I’m not one to react when some actor or musician dies. I didn’t light a vigil candle for Kurt Cobain, and Michael Jackson’s death, while certainly unfortunate and untimely in terms of his age, seemed to me like a tragedy waiting to happen. So I’ve been asking myself why I felt a stab of sadness at the passing of Elizabeth Taylor.
She was 79 and had been ill, so it was not a shock. It wasn’t a vehicular accident or the result of an act of violence, so it’s not as though someone else was to blame. But Taylor had always been such a survivor, and her death marks the end of not just a very beautiful and talented woman’s life, but the loss of a person who, despite personal troubles and tragedy, managed to produce incredible theatrical performances and do important work for AIDS research.
Hollywood is a business, and it likes to make a buck. So it’s unsurprising that the industry has perfected the art of branding actors, putting them in predictable roles that may not use all of the talents the actors possess, but which will guarantee a certain return at the box office. It’s particularly difficult for very beautiful women to display the breadth of their acting skills since it is more reliably profitable for the film industry to cast them as a siren or America’s sweetheart or some other one-dimensional female role. (And it’s not just women: Warren Beatty, in an interview included on the DVD of the spectacular movie Reds, discusses how he basically had to do the popcorn movie Heaven Can Wait before getting the industry commitment for Reds, a perceptively written, beautifully acted, and brilliantly directed film with breathtaking cinematography.) But Taylor, while captivating to look at as a child actress in National Velvet and as an adult in Cat on a Hot Tin Roof, showed her stellar acting talent in Who’s Afraid of Virginia Woolf? and Butterfield 8, among other works.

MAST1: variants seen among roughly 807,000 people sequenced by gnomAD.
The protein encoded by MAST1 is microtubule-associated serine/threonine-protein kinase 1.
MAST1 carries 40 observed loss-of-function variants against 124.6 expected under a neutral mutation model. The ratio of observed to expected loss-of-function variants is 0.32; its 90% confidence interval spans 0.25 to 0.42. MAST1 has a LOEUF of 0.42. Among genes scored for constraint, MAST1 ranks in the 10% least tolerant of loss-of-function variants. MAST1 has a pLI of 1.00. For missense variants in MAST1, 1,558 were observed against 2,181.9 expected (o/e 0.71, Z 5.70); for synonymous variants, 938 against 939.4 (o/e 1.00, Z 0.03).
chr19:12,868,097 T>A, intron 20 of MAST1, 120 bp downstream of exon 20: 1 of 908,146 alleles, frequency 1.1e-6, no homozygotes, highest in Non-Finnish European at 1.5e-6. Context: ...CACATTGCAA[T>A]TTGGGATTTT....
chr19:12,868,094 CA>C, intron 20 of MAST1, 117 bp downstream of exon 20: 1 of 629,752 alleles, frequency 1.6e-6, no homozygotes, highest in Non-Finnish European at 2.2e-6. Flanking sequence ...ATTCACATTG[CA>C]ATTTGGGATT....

Taylor did all this while enduring a series of very public heartbreaks and personal tragedies. She was married eight times, widowed once as a very young woman, and she nearly died on the operating table in the late 1950s. But she kept acting and became one of the earliest and most effective public advocates for AIDS research back in the 1980s, when, as Human Rights Campaign president Joe Solmonese noted, it was not fashionable to do so. Nor was it fashionable to oppose the Iraq war in early 2003, but Taylor did, and skipped the March 2003 Academy Awards to lodge her protest. I didn’t know Elizabeth Taylor. But I will miss her.